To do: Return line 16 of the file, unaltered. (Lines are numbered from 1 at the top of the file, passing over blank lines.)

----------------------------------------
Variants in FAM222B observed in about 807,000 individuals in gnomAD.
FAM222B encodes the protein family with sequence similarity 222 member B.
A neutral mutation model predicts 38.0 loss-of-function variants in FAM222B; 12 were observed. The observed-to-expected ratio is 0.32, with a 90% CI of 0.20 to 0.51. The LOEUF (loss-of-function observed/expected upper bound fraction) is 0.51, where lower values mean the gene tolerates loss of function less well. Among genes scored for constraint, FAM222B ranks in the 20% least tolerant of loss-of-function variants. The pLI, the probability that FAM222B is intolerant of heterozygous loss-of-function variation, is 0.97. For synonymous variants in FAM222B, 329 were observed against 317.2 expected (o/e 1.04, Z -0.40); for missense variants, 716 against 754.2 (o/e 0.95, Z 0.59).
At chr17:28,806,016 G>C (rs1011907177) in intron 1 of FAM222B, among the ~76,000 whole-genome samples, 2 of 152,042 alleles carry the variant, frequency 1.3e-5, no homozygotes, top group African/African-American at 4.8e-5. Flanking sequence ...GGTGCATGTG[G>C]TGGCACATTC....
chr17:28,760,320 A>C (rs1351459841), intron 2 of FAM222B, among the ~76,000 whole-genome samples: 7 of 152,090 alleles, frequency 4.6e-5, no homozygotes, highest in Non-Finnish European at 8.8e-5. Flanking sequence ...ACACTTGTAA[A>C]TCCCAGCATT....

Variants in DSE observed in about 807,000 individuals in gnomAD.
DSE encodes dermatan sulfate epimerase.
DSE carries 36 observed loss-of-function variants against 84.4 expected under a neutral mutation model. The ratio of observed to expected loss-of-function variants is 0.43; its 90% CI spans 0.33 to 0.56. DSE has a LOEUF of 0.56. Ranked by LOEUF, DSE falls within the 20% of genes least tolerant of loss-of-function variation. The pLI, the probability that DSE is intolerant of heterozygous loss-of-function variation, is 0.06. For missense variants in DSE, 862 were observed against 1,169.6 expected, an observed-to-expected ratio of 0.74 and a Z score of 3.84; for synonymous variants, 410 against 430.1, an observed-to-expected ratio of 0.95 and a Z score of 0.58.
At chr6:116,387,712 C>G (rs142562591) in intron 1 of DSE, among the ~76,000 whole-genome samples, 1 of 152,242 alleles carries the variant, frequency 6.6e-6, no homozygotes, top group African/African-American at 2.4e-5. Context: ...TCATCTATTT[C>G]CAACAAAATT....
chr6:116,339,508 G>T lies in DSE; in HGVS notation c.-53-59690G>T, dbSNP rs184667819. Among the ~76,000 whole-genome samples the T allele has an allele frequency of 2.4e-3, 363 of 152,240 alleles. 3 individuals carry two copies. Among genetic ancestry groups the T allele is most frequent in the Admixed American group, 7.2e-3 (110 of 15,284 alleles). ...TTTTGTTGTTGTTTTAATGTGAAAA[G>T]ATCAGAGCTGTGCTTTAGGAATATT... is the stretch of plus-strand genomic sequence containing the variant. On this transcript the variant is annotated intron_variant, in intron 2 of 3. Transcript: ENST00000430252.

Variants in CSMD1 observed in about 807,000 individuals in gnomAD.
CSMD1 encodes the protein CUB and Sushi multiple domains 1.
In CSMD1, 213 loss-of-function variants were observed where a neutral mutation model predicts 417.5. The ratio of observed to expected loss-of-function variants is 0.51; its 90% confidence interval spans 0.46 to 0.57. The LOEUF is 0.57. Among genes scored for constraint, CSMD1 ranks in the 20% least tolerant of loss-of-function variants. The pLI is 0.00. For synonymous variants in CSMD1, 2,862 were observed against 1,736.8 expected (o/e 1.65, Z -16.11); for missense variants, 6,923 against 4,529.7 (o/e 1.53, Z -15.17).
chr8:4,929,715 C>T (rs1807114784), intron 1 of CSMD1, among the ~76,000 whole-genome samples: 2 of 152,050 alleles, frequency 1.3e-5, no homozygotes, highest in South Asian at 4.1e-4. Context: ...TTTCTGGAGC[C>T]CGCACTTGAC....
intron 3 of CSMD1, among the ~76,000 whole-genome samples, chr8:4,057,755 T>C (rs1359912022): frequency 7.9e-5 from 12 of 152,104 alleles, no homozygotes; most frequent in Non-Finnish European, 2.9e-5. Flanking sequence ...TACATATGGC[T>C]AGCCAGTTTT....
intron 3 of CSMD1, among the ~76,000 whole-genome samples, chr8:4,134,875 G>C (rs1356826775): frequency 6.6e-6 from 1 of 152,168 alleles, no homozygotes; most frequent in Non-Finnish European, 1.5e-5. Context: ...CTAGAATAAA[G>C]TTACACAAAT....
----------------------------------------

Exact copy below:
intron 3 of CSMD1, among the ~76,000 whole-genome samples, chr8:4,134,875 G>C (rs1356826775): frequency 6.6e-6 from 1 of 152,168 alleles, no homozygotes; most frequent in Non-Finnish European, 1.5e-5. Context: ...CTAGAATAAA[G>C]TTACACAAAT....